Sydney, Australia, Feb 26 (efe-epa).- Australia announced Friday that it was lifting the ban on Boeing 737 MAX aircraft operating to and from the country imposed two years ago following deadly crashes involving the plane in Indonesia and Ethiopia in 2018 and 2019 respectively, which killed 346 people.
The Civil Aviation Safety Authority of Australia (CASA) said that its decision comes after the Federal Aviation Administration of the United States (FAA) and the European Union Aviation Safety Agency (EASA) deemed the aircraft safe to fly again.
“We have accepted the comprehensive return-to-service requirements specified by the FAA as State of Design for the 737 MAX and are confident that the aircraft are safe,” CASA’s Acting CEO and Director of Aviation Safety, Graeme Crawford said in a statement.
“Our airworthiness and engineering team has assessed there are no additional return to service requirements for operation in Australia,” he added.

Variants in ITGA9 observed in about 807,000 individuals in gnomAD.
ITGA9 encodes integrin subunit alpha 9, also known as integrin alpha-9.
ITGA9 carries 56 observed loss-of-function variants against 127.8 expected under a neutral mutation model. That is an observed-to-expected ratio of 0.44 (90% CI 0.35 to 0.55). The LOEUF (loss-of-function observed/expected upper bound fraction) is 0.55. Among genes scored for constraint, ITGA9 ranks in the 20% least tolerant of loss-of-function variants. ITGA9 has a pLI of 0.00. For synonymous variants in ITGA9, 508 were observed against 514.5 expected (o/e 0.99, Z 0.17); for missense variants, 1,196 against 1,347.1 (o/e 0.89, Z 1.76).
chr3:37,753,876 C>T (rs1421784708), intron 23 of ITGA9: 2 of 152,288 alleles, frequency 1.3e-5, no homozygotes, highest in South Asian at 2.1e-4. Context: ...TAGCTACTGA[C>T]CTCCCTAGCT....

CASA said that no Australian airlines currently operate this Boeing model but added that both Singapore’s SilkAir and Fiji Airlines flew the 737 MAX aircraft to Australia before the Covid-19 pandemic.
Australia has kept its international borders closed since March 2020 and only allows the entry of its residents and citizens and some of their close family members as well as those of diplomats and other exceptions.
It is believed that the country will gradually its borders at the end of October coinciding with the end of the vaccination program that it began this week.
With the lifting of the ban on the Boeing 737 MAX aircraft, the first country in the Asia Pacific to do so, Australia follows in the footsteps of the United Arab Emirates and Nigeria, which gave the plane clearance this month to resume operations, as well as EASA, Brazil and Canada, which did so in January.
The 737 MAX was grounded following a March 10, 2019 crash that killed 157 people in Ethiopia. On Oct. 29, 2018, an Indonesian Lion Air 737 MAX crashed in the Java Sea, killing 181 passengers and eight crew members. The crashes were blamed on a defect in that model’s flight-control system.
Boeing agreed to pay $2.5 billion to settle an investigation by the US authorities into the crashes.
According to the investigation, Boeing hid details about the model’s flight-control system and “misled” the FAA as the pilot training manuals and materials did not include information about the aircraft’s operation. EFE-EPA